Saturday, March 31, 2007

The Butterfly

I got myself into yet another abortion debate (I must learn to stay clear of these things, they take up too much of my time and nothing gets done in the house.) Someone made this comment, and I was reminded of the following story:
Because having a kid and dumping it in an orphanage is soo much cooler than an abortion... I'm rolling my eyes right now.

The Butterfly:

No one will dispute that butterflies are beautiful creatures. As we all know, this insect goes through a number of metamorphic changes before becoming a butterfly.

It starts off life as an egg before hatching into a larva. Interestingly enough, during this stage, it is not the beautiful insect we see flying around in gardens pollinating flowers.

Instead, the butterfly's larva is considered as a pest that destroys plants. Then the larva metamorphoses into a cocoon, laying dormant for a period of time. Later, we would see a small hole from within the cocoon where a butterfly would emerge.

This process of exiting the cocoon requires quite a struggle. It is a process that seems long and painful to the butterfly. Nonetheless, after going through the hardship, a beautiful butterfly would finally take flight.

To help us understand why difficult things happen to us sometimes, let us ponder upon this anecdote of the butterfly. A man was watching a cocoon of a butterfly for several hours. There was a little crack in the cocoon which the butterfly was struggling to force its body through.

Then it seemed to the man the butterfly had stopped making any progress. It appeared as if it had gotten as far as it could, and it could go no further. So the man decided to help the butterfly. He took a pair of scissors and snipped off the remaining bit of the cocoon. The butterfly then emerged easily.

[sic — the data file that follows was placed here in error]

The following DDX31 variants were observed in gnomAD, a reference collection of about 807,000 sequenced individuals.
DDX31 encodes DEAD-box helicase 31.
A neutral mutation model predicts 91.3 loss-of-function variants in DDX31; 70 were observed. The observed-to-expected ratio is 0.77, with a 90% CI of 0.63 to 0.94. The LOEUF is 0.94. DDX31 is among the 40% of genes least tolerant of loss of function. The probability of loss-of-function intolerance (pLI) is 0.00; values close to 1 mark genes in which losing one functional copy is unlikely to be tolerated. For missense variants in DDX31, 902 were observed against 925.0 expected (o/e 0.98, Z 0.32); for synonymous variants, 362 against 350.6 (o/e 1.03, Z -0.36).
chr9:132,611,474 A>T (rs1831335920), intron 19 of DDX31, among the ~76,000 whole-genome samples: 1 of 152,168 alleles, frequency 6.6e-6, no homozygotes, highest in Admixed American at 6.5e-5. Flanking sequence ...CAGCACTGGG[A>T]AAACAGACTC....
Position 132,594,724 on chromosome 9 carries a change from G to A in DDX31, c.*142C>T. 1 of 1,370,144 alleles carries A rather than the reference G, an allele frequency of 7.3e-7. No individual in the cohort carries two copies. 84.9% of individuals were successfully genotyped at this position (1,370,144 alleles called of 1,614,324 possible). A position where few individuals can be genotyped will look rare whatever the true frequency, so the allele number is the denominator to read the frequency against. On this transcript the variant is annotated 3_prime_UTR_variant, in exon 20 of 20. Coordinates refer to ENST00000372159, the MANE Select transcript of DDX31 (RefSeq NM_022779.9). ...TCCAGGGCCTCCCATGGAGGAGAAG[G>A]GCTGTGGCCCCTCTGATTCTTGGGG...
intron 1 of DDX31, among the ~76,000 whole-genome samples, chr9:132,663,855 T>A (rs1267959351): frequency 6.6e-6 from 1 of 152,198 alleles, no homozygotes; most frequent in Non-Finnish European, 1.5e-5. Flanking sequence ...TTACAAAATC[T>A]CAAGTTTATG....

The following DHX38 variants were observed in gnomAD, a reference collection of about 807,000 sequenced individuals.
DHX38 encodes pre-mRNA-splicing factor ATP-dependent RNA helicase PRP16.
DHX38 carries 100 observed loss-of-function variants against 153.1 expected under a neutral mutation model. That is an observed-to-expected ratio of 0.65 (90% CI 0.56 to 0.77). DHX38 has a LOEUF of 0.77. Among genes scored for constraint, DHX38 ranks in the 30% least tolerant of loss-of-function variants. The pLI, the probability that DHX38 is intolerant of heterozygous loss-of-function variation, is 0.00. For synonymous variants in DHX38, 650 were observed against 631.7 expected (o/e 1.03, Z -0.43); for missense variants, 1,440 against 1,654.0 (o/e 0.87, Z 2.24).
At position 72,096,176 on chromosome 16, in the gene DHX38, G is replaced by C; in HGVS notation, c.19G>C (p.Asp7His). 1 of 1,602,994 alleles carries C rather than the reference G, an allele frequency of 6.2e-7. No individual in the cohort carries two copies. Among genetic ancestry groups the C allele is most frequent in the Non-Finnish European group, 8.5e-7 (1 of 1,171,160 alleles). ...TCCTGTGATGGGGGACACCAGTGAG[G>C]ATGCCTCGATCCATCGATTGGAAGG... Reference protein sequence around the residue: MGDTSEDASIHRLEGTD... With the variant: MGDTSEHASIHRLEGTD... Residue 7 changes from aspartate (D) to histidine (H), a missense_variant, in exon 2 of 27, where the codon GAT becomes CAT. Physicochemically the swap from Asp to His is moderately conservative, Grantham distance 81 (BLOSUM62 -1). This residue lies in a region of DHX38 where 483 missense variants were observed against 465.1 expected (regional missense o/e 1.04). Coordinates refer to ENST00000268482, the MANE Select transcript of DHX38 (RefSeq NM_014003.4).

However, the butterfly had a swollen body and small, shrivelled wings. The man continued to watch the butterfly anticipating that, at any moment, the wings would enlarge and expand to support the body which would contract in time.

None of these things happened. In fact, the butterfly spent the rest of its life crawling around with a swollen body and shrivelled wings. It never was able to fly. What the man, in his kindness and haste, did not understand was the restricting cocoon and the struggle required for the butterfly to get through the tiny opening were God's way of forcing fluid from the body of the butterfly into its wings so that it would be ready to fly once it achieved its freedom from the cocoon.

Sometimes struggles are exactly what we need in our lives. If God allowed us to go through our lives without any obstacles, it would cripple us. We would not be as strong as what we could have been. We could never "fly", as in the case of the butterfly.

In a case where you have to choose between two wrongs, which do you choose? The worst wrong or the least wrong of the two? If unborn children were capable of choosing, would they choose abortion over an orphanage? (Assuming that they would be stuck in an orphanage - highly unlikely)

If you knew something long-lasting and unpleasant but bearable,(anything from war in your country to having to go to public school for 14 odd years) was going to happen to you, would you choose to be killed instead? Life is tough. That's how you form your character. That's how you become a strong person. Is it then right to kill someone in order to spare them (and perhaps others) some trouble? Take the easy way out? The epic movie the Lord of the Rings would have been quite the thriller had Frodo decided to give in to the Ring and its master right off the bat instead of doing what seemed utterly hopeless and yet was the only right thing to do.

What is a hero? Someone who chooses to do the right thing no matter how hard it is. Sometimes, they even give up their lives. (Not that anyone is asking anyone else to go that far - in a case where a pregnancy threatens the life of the mother, if the baby dies in a procedure to save the mother, it is one thing. At least you tried.) People look up to heros. They want to hear their stories. They are amazed by the strength and courage of the hero, they want to emulate them. Noone wants to hear the story of someone who took the easy way out.

A butterfly struggles to get out of its cocoon. If someone came along, saw the butterfly struggling and decided to help it get out of the cocoon, the butterfly would never fly and it would die. It is the struggle to get out that gives it its "wings".

Is that what we are about? Creating a society of weak-minded people who take the easy way out, are afraid of difficulties and adversity, have a hard time doing the right thing if it presents a challenge, and will never have "wings"? Little wonder we have so many problems...